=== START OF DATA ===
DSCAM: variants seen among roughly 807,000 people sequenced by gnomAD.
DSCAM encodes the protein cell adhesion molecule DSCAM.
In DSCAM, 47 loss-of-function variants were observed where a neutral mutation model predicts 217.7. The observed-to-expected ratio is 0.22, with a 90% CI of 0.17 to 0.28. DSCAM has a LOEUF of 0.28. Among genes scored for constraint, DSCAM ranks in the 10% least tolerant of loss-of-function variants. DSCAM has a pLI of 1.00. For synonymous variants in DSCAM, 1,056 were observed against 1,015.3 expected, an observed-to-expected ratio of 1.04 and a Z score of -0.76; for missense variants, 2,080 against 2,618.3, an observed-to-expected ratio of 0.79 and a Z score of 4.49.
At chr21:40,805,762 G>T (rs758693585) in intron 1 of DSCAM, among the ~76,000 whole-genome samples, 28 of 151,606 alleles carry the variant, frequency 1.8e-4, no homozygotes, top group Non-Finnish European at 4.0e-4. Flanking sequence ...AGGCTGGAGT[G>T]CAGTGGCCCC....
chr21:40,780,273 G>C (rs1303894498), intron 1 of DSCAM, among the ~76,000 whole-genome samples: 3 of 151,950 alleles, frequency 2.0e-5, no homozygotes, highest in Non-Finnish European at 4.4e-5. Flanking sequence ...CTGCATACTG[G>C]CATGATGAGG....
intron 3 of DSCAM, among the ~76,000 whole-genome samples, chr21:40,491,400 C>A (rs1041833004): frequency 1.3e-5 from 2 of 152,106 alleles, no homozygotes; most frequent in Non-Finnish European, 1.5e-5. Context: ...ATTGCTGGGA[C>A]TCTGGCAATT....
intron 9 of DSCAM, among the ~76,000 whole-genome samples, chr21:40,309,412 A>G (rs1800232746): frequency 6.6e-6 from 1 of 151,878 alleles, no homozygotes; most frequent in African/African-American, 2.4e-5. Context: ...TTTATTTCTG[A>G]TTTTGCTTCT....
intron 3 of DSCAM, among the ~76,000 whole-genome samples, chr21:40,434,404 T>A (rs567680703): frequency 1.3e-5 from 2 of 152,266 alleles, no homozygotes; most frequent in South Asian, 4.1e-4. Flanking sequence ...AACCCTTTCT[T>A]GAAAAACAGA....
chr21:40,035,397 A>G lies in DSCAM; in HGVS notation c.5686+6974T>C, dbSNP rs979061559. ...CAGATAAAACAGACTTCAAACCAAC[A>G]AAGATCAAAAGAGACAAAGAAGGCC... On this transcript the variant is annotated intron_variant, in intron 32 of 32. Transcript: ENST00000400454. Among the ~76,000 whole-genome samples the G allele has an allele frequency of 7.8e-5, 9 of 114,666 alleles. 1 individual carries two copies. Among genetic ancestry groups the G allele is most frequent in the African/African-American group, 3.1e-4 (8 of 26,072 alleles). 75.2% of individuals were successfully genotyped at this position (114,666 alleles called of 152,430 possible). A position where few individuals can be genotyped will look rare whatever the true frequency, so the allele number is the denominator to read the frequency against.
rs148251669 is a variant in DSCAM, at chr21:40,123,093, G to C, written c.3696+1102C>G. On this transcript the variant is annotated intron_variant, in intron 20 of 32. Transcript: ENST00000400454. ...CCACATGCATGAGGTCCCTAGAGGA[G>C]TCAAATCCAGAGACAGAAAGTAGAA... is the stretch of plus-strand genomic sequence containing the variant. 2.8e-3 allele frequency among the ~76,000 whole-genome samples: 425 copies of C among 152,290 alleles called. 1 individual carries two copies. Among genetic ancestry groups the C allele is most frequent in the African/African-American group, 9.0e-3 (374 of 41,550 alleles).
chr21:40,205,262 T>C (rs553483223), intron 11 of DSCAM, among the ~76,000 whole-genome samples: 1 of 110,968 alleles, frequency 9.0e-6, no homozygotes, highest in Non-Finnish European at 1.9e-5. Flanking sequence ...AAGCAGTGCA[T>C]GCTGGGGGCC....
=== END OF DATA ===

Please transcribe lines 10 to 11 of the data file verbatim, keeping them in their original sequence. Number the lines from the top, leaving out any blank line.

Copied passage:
rs148251669 is a variant in DSCAM, at chr21:40,123,093, G to C, written c.3696+1102C>G. On this transcript the variant is annotated intron_variant, in intron 20 of 32. Transcript: ENST00000400454. ...CCACATGCATGAGGTCCCTAGAGGA[G>C]TCAAATCCAGAGACAGAAAGTAGAA... is the stretch of plus-strand genomic sequence containing the variant. 2.8e-3 allele frequency among the ~76,000 whole-genome samples: 425 copies of C among 152,290 alleles called. 1 individual carries two copies. Among genetic ancestry groups the C allele is most frequent in the African/African-American group, 9.0e-3 (374 of 41,550 alleles).
chr21:40,205,262 T>C (rs553483223), intron 11 of DSCAM, among the ~76,000 whole-genome samples: 1 of 110,968 alleles, frequency 9.0e-6, no homozygotes, highest in Non-Finnish European at 1.9e-5. Flanking sequence ...AAGCAGTGCA[T>C]GCTGGGGGCC....